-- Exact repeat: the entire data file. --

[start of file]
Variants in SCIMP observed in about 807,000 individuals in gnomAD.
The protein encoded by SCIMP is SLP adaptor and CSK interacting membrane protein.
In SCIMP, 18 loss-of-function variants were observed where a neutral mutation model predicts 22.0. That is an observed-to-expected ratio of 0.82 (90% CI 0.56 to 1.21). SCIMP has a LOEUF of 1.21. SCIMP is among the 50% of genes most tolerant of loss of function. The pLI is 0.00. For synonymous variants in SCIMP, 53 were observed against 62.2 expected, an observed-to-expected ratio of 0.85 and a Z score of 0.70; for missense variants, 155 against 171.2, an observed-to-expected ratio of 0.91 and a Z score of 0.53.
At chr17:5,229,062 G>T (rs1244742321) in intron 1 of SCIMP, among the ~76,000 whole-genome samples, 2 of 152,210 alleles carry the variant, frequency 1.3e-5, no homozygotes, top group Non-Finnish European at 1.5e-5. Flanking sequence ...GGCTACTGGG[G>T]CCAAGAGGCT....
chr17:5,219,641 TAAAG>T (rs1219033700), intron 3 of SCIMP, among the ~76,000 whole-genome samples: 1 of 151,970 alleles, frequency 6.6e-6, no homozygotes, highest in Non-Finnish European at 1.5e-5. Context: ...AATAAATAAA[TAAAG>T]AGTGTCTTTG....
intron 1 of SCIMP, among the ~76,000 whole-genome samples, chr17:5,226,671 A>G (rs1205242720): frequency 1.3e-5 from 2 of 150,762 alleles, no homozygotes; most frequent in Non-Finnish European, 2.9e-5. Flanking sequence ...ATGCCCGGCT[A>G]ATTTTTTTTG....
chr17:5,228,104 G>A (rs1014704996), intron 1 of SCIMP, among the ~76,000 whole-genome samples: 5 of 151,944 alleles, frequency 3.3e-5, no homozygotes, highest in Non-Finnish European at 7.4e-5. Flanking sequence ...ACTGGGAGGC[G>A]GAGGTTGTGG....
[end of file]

Variants in SCIMP observed in about 807,000 individuals in gnomAD.
The protein encoded by SCIMP is SLP adaptor and CSK interacting membrane protein.
In SCIMP, 18 loss-of-function variants were observed where a neutral mutation model predicts 22.0. That is an observed-to-expected ratio of 0.82 (90% CI 0.56 to 1.21). SCIMP has a LOEUF of 1.21. SCIMP is among the 50% of genes most tolerant of loss of function. The pLI is 0.00. For synonymous variants in SCIMP, 53 were observed against 62.2 expected, an observed-to-expected ratio of 0.85 and a Z score of 0.70; for missense variants, 155 against 171.2, an observed-to-expected ratio of 0.91 and a Z score of 0.53.
At chr17:5,229,062 G>T (rs1244742321) in intron 1 of SCIMP, among the ~76,000 whole-genome samples, 2 of 152,210 alleles carry the variant, frequency 1.3e-5, no homozygotes, top group Non-Finnish European at 1.5e-5. Flanking sequence ...GGCTACTGGG[G>T]CCAAGAGGCT....
chr17:5,219,641 TAAAG>T (rs1219033700), intron 3 of SCIMP, among the ~76,000 whole-genome samples: 1 of 151,970 alleles, frequency 6.6e-6, no homozygotes, highest in Non-Finnish European at 1.5e-5. Context: ...AATAAATAAA[TAAAG>T]AGTGTCTTTG....
intron 1 of SCIMP, among the ~76,000 whole-genome samples, chr17:5,226,671 A>G (rs1205242720): frequency 1.3e-5 from 2 of 150,762 alleles, no homozygotes; most frequent in Non-Finnish European, 2.9e-5. Flanking sequence ...ATGCCCGGCT[A>G]ATTTTTTTTG....
chr17:5,228,104 G>A (rs1014704996), intron 1 of SCIMP, among the ~76,000 whole-genome samples: 5 of 151,944 alleles, frequency 3.3e-5, no homozygotes, highest in Non-Finnish European at 7.4e-5. Flanking sequence ...ACTGGGAGGC[G>A]GAGGTTGTGG....